In 1534, John Calvin embraced the Reformation and fled France in response to rising persecution. He sought refuge in Basel, Switzerland, arriving in January 1535.
While in hiding, Calvin met other French reformers and learned that his cousin, Pierre Robert Olivétan, was producing a French translation of the Bible for the Protestants. Calvin was asked to write a preface to this translation. He wrote a preface in Latin to the entire work and then a second preface in French for the New Testament.
In this post, I would like to focus on the French preface and specifically on the importance that John Calvin placed on understanding Jesus Christ. It is apparent that Calvin felt that the key to understanding the New Testament and deriving the greatest benefit from reading it rested in grasping that Jesus Christ is our Mediator, Savior, and life.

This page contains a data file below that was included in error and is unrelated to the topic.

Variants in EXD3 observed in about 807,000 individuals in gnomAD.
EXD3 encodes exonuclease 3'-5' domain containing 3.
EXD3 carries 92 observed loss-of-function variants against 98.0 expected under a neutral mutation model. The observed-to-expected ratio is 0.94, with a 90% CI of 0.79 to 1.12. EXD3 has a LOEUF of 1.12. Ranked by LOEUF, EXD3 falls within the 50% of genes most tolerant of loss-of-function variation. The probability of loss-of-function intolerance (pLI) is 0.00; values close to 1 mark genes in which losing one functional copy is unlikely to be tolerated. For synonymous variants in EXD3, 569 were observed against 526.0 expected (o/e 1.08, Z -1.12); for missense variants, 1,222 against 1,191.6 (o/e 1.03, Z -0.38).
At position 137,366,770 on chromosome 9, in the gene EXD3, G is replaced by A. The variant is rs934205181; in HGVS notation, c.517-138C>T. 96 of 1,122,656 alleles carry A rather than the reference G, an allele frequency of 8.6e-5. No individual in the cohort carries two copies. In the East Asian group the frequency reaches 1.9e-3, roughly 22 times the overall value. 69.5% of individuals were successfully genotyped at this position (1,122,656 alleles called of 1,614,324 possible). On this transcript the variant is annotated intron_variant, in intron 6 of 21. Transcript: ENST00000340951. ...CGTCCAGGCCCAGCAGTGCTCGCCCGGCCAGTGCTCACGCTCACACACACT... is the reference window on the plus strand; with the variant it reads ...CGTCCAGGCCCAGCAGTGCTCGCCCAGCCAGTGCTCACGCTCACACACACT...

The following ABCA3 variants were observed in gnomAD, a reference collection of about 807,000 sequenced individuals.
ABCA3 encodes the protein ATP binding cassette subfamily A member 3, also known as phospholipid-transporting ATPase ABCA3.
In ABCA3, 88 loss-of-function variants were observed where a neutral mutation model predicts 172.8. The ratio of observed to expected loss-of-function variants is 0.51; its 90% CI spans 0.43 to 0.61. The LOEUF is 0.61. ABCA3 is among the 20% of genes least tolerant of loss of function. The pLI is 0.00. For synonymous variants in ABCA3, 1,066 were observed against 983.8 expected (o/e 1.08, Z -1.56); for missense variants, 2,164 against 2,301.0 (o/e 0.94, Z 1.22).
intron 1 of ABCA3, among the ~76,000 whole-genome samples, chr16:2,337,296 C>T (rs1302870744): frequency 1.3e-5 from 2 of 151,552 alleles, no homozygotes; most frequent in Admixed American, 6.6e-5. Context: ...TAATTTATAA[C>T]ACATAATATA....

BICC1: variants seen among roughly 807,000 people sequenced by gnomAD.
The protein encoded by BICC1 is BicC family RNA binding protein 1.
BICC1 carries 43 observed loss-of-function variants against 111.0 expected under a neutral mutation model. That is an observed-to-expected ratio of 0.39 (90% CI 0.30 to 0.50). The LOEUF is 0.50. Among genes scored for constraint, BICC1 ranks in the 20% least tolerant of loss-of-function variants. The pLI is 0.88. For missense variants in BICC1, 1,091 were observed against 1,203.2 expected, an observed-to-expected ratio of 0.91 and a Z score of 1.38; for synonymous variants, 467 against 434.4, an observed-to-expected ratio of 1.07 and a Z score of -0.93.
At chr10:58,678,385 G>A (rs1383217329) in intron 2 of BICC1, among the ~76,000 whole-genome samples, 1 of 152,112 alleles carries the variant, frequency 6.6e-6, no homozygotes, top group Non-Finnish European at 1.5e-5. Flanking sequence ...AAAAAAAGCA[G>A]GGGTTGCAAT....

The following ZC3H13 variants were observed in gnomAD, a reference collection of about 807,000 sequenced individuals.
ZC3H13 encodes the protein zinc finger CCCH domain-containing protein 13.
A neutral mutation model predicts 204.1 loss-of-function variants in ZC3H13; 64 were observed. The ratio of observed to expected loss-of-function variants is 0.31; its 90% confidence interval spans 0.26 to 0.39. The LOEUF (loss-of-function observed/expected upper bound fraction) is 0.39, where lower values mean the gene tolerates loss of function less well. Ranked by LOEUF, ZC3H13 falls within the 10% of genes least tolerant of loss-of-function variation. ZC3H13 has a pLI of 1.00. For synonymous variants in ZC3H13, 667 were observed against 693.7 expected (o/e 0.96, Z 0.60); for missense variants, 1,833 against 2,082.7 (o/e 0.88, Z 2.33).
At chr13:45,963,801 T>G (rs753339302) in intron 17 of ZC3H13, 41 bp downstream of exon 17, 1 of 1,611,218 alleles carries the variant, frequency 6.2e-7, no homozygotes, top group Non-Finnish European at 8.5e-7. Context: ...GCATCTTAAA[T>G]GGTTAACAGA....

Jesus Christ Our Mediator
Calvin begins his preface to the New Testament by taking his readers back to creation and the Garden of Eden. He reminds them that God created mankind, yet Adam and Eve disobeyed and lost all that God had given them.
God was displeased with the first couple but showed them mercy and grace. God placed witnesses to his glory in creation that drew Adam and Eve and their descendants to seek him.
Calvin notes that God desired to show his goodness and kindness more fully, and so he revealed himself to Abraham and established a covenant with the people of Israel. Nonetheless, the disobedience of Israel revealed the need for a new covenant and a new mediator. Calvin concludes that only Jesus Christ could be such a mediator.
Calvin then explains that from the beginning God had promised a deliverer who would undo the work of Satan. He makes clear that Christ the mediator was not a response to Israel’s failure and, in a way, a change in God’s plan. Jesus was not an alternate plan. Rather, Calvin demonstrates that God’s plan from the beginning has been to provide a deliverer.
Calvin begins with the promise to Eve of one who will crush the head of Satan. He notes the promise to Abraham that all the nations would be blessed through his seed. He also surveys the prophecies of a coming Messiah found in the prophets.